Karnataka was among the first states in the country to propose an anti-superstition bill, but on 6 June, despite the protests from rationalists, the JD(S)-Congress government ordered hundreds of temples to preform poojas (prayer rituals) for a better monsoon.
The state is suffering from severe drought, with 156 of the 176 Taluks declared as such. Such is the severity in the state that more than 2,999 villages across the state are provided drinking water through private tankers.
Rationalists are opposed to the fact that hundreds of temples have been asked to spend up to Rs 10,000 to conduct prayers with the total cost running into lakhs of rupees, a sum they believe could be given directly to the drought-affected population.
‘It’s Tradition,’ Says Water Resources Minister
Karnataka water resources minister DK Shivakumar says offering prayers for rain is a long-held tradition in the state. Hundreds of temples in the state offered prayers seeking good monsoon following a government orders on 6 June. pic.twitter.com/wCttHbkfst— Arun Dev (@ArunDev1) June 6, 2019
Karnataka water resources minister DK Shivakumar, who performed prayers at the Rishyashruna Bringeshwara temple in Chikkamagaluru, defended the decision claiming offering such prayers is a tradition in the state.
"“There is a long-held belief in the state that if you pray at the Rishyashrunga Bringeshwara temple you get good rains. With this in mind, our Muzrai department decided to hold prayers as a precautionary measure to get good rains this year, because the state faced severe drought.” " - DK Shivakumar, water resources minister.
Talking to reporters, one of the priests said three different kinds of prayers are being offered. “Today we conducted Varuna pooja and Varuna homa. Then we sat in water-filled pots to conduct Prajanya Jappa. Thanks to this, lords Shiva and Varuna will ensure good rain and we might see results as early as today,” said SR Dikshit, head priest of Someshwara temple in Usloor, one of the temples where such prayers were conducted.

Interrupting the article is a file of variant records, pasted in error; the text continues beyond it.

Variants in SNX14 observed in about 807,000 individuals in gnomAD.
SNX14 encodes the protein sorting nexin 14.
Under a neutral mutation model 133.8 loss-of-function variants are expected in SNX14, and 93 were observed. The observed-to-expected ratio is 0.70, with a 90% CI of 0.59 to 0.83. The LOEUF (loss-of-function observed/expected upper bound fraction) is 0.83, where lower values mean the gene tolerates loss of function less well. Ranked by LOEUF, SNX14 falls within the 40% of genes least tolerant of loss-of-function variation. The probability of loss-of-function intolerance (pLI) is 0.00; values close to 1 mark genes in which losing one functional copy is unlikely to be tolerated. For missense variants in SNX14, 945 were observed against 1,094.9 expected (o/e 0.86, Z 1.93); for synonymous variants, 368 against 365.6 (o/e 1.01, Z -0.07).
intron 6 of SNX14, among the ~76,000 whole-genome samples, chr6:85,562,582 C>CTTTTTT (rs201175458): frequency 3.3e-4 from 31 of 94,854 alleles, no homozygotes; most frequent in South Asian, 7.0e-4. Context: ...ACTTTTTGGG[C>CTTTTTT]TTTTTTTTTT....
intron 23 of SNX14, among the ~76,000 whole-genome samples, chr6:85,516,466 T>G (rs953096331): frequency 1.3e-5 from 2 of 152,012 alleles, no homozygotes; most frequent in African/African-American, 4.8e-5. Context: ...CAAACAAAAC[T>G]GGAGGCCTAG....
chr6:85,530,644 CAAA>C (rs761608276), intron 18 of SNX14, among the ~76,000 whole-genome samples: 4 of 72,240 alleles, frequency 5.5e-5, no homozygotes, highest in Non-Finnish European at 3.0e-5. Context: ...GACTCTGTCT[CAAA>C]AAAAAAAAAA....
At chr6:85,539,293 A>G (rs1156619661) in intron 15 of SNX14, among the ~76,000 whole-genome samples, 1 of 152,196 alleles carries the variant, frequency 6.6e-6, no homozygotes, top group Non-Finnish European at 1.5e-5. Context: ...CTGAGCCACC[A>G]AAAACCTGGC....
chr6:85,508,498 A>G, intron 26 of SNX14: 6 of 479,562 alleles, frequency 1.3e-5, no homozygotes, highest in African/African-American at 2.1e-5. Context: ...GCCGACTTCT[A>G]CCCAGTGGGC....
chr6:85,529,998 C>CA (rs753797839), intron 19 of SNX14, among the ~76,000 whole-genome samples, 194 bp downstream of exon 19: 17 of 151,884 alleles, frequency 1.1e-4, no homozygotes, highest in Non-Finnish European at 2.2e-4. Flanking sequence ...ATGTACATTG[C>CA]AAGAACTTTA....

Each Temple Spends Rs 10,000
Officials of the Muzrai department, which controls the temples in the state, confirmed such an order was issued. they however said the department is not aware how many temples are offering prayers.
There are around 37,000 temples coming under the department. As per the government orders, only those temples ‘with adequate resources’ have to undertake the prayers. Temples in Karnataka have been divided into three categories – A, B and C – based on their financial capability.
According to sources, there are 450 temples in the first two categories, which are considered financially well-off. “If only these temples participated in the prayers, the total expenditure for the project would be around Rs 45 lakh. However, more temples are expected to have taken part in the prayers,” sources told The Quint.
Where is the Scientific Temper? Ask Rationalists
Talking to The Quint rationalist and poet Chandrashekar Patil, who was one of the activists who drafted the state’s anti-superstition bill called the government order ‘deplorable’. “There is a term in our constitution – ‘scientific temperament’, and whatever is going in our state is against the spirit of the constitution. This is deplorable. It is unfortunate that our politicians irrespective of their party affiliations, go by these superstitious practices.”
Another rationalist Narendra Nayak said: “This is the dichotomy of a democracy that despite the country having 21st century technology, we have 15th century mindsets.”
On Thursday morning, a group of rationalists held a protest in Bengaluru’s Chamarajapet against the government’s decision as well.
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